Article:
Back in December, I posted a message from Worshipful Brother Vincent Lombardo, a Past Master of Quinte St. Alban’s Lodge No. 620, in Thornhill, Ontario, Canada, a regular lodge chartered by the Grand Lodge of Canada AF & AM in the Province of Ontario. He was seeking information for a huge study he was working on about the statistics and practices of Freemasonry all around the world.
He posted the results of his study today, and they are available here: Study on the Present Conditions of Freemasonry in the World
Based on the figure cited by his own jurisdiction, there are currently approximately 3.2 million regular Masons worldwide who are in amity with the United Grand Lodge of England and most North American grand lodges. His study results reflect responses from 81 individual Masons, and he was hampered in compiling truly detailed results because he was forbidden to actually contact Grand Secretaries or grand lodge offices directly. So the outcome is more of a compilation of individual experiences and opinions than anything remotely official. And he freely admits that he is not a professional statistician or researcher, but merely a Brother interested in worldwide trends, successes, and failures. Having said that, his ambition was enormous without any real outside support besides word of mouth.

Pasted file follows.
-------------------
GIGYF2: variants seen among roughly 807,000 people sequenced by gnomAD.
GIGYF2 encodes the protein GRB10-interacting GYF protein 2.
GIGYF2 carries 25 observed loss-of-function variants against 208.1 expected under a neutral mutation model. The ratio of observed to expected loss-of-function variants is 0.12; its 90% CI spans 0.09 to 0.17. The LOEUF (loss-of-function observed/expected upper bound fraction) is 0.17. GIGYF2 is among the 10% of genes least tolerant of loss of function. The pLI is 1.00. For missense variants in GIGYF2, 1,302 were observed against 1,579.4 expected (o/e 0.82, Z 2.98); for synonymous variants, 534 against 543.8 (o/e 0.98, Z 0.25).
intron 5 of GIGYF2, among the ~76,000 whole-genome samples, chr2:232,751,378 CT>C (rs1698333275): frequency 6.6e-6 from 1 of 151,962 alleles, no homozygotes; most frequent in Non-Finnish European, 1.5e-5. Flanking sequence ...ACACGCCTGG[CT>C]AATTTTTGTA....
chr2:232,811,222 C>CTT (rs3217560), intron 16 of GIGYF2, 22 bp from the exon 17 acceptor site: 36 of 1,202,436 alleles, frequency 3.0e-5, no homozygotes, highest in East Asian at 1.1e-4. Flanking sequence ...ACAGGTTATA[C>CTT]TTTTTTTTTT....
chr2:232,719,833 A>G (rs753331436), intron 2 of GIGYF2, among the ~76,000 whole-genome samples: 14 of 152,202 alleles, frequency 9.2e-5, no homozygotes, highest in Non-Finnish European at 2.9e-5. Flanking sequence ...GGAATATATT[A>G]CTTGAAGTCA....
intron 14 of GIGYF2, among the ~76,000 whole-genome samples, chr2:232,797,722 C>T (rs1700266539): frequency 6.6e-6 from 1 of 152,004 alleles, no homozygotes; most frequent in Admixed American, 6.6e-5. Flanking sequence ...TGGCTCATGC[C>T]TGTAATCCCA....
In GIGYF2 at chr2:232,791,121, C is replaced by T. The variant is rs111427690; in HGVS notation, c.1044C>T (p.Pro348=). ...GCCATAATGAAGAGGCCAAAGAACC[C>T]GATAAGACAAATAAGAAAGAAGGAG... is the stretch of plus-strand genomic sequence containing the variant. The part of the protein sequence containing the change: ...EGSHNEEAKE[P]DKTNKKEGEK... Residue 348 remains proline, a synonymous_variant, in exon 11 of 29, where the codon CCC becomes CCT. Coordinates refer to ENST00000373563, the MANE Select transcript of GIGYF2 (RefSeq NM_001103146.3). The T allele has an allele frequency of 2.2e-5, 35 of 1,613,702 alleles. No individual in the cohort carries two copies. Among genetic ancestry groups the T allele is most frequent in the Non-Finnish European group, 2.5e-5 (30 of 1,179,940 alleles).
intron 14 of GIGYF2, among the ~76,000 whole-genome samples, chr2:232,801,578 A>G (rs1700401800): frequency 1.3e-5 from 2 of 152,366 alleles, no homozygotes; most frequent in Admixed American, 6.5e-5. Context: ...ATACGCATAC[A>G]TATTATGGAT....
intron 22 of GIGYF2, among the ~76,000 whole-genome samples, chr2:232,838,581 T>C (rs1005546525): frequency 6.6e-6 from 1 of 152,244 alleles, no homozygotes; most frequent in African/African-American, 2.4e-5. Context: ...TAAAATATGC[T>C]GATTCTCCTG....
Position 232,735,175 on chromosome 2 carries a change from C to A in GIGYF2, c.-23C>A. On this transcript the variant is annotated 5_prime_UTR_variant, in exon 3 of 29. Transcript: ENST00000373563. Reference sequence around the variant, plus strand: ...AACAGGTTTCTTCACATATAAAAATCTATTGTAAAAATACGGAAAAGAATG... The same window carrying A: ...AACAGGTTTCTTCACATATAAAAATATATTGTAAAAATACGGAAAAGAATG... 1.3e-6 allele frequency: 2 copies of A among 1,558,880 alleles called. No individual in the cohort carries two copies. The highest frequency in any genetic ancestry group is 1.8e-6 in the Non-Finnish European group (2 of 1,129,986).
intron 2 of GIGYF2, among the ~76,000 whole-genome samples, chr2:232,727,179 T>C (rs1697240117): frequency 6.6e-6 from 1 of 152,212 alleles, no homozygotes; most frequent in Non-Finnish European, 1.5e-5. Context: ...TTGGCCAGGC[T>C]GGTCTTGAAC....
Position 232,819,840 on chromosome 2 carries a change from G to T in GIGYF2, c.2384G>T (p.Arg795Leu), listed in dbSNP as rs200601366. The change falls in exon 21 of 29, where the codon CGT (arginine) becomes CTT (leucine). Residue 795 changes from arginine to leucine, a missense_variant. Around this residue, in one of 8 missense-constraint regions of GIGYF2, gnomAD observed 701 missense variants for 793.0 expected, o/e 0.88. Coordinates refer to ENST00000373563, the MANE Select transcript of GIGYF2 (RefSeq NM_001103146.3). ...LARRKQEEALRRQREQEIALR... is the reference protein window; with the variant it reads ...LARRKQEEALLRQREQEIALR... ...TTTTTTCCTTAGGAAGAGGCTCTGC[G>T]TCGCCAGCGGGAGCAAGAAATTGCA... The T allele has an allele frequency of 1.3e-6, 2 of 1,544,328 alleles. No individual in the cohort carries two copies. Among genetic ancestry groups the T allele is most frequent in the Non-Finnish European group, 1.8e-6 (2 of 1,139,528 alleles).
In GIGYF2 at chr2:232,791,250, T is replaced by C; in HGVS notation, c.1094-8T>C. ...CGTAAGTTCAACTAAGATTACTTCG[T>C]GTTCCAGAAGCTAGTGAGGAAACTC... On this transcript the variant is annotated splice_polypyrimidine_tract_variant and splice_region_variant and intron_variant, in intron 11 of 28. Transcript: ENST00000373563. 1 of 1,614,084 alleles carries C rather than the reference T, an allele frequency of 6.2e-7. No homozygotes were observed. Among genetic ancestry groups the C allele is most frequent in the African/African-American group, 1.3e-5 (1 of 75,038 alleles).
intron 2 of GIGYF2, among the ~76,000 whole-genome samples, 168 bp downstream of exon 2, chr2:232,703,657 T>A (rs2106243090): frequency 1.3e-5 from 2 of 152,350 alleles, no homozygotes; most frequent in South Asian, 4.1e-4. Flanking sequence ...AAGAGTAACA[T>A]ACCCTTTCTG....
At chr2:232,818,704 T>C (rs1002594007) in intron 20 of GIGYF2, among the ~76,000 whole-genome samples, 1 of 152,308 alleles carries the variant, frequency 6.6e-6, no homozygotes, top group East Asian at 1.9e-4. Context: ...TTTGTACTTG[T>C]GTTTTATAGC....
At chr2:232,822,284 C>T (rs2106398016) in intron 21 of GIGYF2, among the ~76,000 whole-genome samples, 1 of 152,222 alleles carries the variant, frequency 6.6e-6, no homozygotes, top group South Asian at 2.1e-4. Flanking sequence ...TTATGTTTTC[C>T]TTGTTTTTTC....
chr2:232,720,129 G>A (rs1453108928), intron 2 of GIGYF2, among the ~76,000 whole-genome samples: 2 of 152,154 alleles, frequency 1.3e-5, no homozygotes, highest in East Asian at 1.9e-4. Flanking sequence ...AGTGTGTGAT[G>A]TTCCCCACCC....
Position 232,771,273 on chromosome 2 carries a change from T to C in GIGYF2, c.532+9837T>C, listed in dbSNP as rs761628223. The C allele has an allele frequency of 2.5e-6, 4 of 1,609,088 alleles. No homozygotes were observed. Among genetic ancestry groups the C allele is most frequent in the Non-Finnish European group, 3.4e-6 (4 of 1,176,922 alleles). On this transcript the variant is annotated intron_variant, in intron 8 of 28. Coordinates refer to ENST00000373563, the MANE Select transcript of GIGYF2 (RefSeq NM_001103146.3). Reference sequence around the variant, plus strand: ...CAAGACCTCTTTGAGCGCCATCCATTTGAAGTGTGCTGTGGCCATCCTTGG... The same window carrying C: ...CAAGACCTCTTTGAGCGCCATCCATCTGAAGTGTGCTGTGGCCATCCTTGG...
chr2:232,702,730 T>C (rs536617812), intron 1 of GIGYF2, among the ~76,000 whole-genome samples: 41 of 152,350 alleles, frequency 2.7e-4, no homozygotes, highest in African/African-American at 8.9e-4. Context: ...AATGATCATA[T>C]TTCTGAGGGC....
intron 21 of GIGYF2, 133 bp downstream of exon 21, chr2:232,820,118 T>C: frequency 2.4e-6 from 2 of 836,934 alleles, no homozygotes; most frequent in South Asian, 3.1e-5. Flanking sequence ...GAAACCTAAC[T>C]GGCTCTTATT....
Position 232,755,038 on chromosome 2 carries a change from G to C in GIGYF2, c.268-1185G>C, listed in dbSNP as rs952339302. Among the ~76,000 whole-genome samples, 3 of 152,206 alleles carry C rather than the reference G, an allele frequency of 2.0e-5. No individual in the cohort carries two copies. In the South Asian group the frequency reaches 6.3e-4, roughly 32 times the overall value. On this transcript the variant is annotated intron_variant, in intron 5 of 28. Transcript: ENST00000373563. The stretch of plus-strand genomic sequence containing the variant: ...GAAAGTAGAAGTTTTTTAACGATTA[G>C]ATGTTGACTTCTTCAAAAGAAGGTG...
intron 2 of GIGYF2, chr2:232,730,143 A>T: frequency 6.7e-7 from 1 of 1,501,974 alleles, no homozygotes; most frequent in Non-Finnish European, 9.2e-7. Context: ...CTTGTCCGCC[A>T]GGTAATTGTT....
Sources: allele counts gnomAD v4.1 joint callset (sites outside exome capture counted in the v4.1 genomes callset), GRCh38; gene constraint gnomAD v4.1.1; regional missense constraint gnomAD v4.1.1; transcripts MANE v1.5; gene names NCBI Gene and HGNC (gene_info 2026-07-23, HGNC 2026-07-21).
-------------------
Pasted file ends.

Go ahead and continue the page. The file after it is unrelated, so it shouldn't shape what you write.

It's a long read, but well worth study. Interestingly, Lombardo comes to many of the same conclusions and suggestions that our group, the Knights of the North, reflected upon ten years ago in Laudable Pursuit. Not surprising, perhaps because we both used Dwight Smith's observations from the 1960s as the basis of our initial missions.
The study is especially useful for North American Masons to see how jurisdictions in other parts of the world operate on a day to day basis. He tries to make distinctions between jurisdictions that are growing versus ones that are declining. There is, unfortunately, no magic bullet for lodges and grand lodges that are losing members, but there are dozens of small practices that can contribute to greater successes. That is, perhaps, the most useful conclusion that can be drawn from this noble experiment, and I applaud WBro. Lombardo for his extraordinary effort.
To contact WBro. Lombardo about his study, or to provide feedback, he may be emailed by clicking here.